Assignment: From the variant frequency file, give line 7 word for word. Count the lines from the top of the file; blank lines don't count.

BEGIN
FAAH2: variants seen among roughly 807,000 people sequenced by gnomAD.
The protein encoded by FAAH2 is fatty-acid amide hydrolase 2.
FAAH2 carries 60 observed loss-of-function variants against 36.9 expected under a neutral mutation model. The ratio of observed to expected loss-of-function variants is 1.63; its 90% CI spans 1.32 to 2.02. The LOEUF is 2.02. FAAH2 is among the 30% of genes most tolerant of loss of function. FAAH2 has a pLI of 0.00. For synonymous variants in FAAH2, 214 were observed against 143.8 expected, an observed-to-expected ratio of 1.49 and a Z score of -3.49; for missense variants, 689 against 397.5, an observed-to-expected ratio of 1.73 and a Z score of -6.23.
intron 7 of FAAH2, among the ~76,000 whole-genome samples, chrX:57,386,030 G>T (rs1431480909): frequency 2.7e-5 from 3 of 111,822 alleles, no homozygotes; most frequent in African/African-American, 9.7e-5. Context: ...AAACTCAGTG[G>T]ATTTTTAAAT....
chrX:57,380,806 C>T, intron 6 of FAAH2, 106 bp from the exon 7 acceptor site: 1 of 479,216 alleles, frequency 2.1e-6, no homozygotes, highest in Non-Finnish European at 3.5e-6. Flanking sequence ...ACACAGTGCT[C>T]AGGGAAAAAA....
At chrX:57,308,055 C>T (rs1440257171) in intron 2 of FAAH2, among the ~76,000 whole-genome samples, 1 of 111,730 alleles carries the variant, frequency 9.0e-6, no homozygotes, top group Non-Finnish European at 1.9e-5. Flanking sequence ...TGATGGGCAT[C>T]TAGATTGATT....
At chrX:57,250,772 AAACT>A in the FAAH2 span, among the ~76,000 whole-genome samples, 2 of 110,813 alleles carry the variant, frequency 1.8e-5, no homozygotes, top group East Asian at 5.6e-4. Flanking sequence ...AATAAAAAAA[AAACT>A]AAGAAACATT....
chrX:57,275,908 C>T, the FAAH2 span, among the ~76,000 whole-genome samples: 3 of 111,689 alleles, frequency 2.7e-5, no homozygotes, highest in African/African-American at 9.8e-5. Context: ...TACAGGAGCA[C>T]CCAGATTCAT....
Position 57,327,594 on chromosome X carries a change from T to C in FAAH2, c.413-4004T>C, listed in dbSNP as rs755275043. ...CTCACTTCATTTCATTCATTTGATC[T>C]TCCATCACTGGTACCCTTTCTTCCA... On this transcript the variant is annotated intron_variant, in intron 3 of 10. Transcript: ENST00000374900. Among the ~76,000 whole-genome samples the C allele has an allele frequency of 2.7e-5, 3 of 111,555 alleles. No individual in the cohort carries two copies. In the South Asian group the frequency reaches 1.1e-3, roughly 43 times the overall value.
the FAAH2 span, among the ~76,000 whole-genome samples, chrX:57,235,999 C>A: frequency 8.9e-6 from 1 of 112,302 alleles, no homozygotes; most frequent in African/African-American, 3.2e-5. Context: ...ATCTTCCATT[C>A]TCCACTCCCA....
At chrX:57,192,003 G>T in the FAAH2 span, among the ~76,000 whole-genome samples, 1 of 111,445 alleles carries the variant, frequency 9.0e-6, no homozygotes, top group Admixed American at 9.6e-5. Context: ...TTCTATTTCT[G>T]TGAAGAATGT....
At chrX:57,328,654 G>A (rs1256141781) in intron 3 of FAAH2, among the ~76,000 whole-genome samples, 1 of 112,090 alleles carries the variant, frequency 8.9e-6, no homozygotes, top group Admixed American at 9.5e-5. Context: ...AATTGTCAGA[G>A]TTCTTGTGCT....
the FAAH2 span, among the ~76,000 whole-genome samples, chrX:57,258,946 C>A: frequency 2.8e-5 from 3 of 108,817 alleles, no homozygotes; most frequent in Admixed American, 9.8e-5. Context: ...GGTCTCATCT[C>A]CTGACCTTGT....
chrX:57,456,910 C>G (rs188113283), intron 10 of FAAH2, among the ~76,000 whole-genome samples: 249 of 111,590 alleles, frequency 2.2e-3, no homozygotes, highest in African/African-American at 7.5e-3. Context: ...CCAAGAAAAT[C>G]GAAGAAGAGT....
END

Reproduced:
At chrX:57,250,772 AAACT>A in the FAAH2 span, among the ~76,000 whole-genome samples, 2 of 110,813 alleles carry the variant, frequency 1.8e-5, no homozygotes, top group East Asian at 5.6e-4. Flanking sequence ...AATAAAAAAA[AAACT>A]AAGAAACATT....